and I don’t know how well things will work [python doesn’t have pointers, but objects are passed by refrence, so, are doubles passed by refrence? the code had them passed by pointer, so the behavior might not be the same]

however, the way blender subdivides a quad is pretty simple

the new vert on each of the edges is merely the midpoint of them

and the new vert in the center is merely the midpoint of the two new points on opposite edges [which pair of edges that is shouldn’t matter]

for triangles, there is no vert created in the middle, just the edges are subdivided

[and you can see pretty easy how things are filled simply by trying it, it would take me longer to explain than for you to do]

I understand you, but what i want to do is a script to divide the mesh by 3, 4, or more (i’m interested especialy in the impar numbers 3, 5,…) because it’s impossible in Blender.
It would be easier if all quads were planar, but they’re not, sometimes!!

That function is suposed to find the small line between other 2 lines (or give me 1st and 2nd points equal if the lines intersect).

With the code you give me, it’s easier for me to try to understand the function!!!

pa, pb, mua and mub are calculated inside the function, you can do 2 things to pass them to the program outside the function,

make them global

return them explicitely with a return statement at the end of the function.

My try:

from math import abs
## Calculate the line segment PaPb that is the shortest route between
## two lines P1P2 and P3P4. Calculate also the values of mua and mub where
## Pa = P1 + mua (P2 - P1)
## Pb = P3 + mub (P4 - P3)
def LineLineIntersect(p1,p2,p3,p4):
var = 0
p13, p43 = [0,0,0],[0,0,0]
p21 = [0,0,0]
p13[0] = p1[0] - p3[0]
p13[1] = p1[1] - p3[1]
p13[2] = p1[2] - p3[2]
p43[0] = p4[0] - p3[0]
p43[1] = p4[1] - p3[1];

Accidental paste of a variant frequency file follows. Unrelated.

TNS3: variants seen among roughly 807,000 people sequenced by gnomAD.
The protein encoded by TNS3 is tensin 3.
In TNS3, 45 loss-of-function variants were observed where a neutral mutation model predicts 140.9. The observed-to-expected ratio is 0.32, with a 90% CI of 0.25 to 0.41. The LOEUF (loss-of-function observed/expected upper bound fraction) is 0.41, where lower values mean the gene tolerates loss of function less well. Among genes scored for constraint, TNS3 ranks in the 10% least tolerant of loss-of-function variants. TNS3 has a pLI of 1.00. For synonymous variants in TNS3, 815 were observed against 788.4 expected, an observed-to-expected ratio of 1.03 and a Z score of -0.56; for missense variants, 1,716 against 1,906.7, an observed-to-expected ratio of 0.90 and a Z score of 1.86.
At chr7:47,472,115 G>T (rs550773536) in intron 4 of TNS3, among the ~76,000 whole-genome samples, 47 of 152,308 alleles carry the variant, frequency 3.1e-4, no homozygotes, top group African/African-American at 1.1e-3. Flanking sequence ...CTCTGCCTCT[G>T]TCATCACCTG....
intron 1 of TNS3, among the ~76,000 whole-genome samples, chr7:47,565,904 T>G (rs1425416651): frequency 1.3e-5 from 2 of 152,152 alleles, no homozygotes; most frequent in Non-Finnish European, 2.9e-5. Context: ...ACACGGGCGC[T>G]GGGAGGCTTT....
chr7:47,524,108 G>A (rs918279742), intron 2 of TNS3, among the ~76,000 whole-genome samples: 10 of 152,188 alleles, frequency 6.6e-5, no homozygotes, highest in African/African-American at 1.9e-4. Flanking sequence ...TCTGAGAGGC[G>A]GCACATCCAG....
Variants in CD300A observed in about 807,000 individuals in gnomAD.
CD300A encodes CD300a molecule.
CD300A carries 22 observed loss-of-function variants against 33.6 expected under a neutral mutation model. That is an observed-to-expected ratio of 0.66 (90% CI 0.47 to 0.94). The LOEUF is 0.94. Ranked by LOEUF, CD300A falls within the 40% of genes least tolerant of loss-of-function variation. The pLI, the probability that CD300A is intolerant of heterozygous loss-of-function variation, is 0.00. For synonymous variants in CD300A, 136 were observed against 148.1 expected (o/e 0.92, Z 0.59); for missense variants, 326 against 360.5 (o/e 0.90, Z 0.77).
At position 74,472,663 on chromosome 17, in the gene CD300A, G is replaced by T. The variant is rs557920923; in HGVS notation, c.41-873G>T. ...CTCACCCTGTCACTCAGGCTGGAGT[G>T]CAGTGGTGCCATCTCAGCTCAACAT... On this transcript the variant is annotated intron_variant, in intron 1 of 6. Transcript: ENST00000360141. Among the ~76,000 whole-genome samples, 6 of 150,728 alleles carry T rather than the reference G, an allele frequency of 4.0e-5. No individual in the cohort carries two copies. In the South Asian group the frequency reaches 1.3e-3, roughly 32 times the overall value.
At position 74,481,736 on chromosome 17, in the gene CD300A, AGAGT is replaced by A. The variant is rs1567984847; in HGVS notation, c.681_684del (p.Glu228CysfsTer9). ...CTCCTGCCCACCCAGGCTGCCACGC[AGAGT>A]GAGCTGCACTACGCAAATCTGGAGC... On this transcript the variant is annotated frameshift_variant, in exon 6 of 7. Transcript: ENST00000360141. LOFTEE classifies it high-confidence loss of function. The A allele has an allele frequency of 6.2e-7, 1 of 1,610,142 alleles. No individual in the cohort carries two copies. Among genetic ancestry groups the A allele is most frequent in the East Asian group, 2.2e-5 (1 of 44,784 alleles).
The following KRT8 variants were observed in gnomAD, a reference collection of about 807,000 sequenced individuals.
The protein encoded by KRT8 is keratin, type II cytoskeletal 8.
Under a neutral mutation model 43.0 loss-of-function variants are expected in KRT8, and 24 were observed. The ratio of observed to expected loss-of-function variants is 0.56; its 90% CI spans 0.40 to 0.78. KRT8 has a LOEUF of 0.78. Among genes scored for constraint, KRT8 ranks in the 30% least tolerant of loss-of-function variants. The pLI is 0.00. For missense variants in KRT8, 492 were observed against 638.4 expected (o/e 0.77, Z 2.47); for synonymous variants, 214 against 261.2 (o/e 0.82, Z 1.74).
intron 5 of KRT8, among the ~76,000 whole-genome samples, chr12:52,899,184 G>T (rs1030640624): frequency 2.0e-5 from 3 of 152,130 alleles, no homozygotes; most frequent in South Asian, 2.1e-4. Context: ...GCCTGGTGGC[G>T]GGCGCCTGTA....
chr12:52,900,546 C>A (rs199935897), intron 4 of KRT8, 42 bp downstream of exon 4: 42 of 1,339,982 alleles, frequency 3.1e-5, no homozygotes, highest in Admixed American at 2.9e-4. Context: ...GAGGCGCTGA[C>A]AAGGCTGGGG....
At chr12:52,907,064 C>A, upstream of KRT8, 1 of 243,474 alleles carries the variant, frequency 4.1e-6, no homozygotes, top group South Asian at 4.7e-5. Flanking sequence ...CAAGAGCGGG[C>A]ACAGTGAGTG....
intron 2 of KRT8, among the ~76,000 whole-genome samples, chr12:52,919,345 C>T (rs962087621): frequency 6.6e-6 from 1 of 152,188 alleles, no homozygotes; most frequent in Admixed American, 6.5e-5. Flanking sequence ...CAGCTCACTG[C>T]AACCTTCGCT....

p43[2] = p4[2] - p3[2];
if (abs(p43[0]) < EPS) and (abs(p43[1]) < EPS) and (abs(p43[2]) < EPS):
var = 0
else:
var = 1
p21[0] = p2[0] - p1[0];
p21[1] = p2[1] - p1[1];
p21[2] = p2[2] - p1[2];
if (abs(p21[0]) < EPS) and (abs(p21[1]) < EPS) and (abs(p21[2]) < EPS):
var = 0
else:
var = 1
d1343 = p13[0] * p43[0] + p13[1] * p43[1] + p13[2] * p43[2]
d4321 = p43[0] * p21[0] + p43[1] * p21[1] + p43[2] * p21[2]
d1321 = p13[0] * p21[0] + p13[1] * p21[1] + p13[2] * p21[2]
d4343 = p43[0] * p43[0] + p43[1] * p43[1] + p43[2] * p43[2]
d2121 = p21[0] * p21[0] + p21[1] * p21[1] + p21[2] * p21[2]
denom = d2121 * d4343 - d4321 * d4321
if (abs(denom) < EPS)
var = 0
else:
var = 1
numer = d1343 * d4321 - d1321 * d4343
mua = numer / denom
mub = (d1343 + d4321 * (mua)) / d4343
pa[0] = p1[0] + mua * p21[0]
pa[1] = p1[1] + mua * p21[1]
pa[2] = p1[2] + mua * p21[2]
pb[0] = p3[0] + mub * p43[0]
pb[1] = p3[1] + mub * p43[1]
pb[2] = p3[2] + mub * p43[2]
return var, pa, pb, mua, mub

If you supply the above function with four vectors it will return var together with pa, pb mua and mub.
From the value of var you can determine if the lines intersect or not, and if they do, pa and pb will be the same point in space.

I didn’t test this, but I’m fairly confident that it works.

On a side note, wouldn’t it be better if you first tried to code it yourself with the help of the info given at the page where you found the c-code?

i was referring to the other scripts at the start not yours and was only trying to point it out to the others how you dont need the math module for abs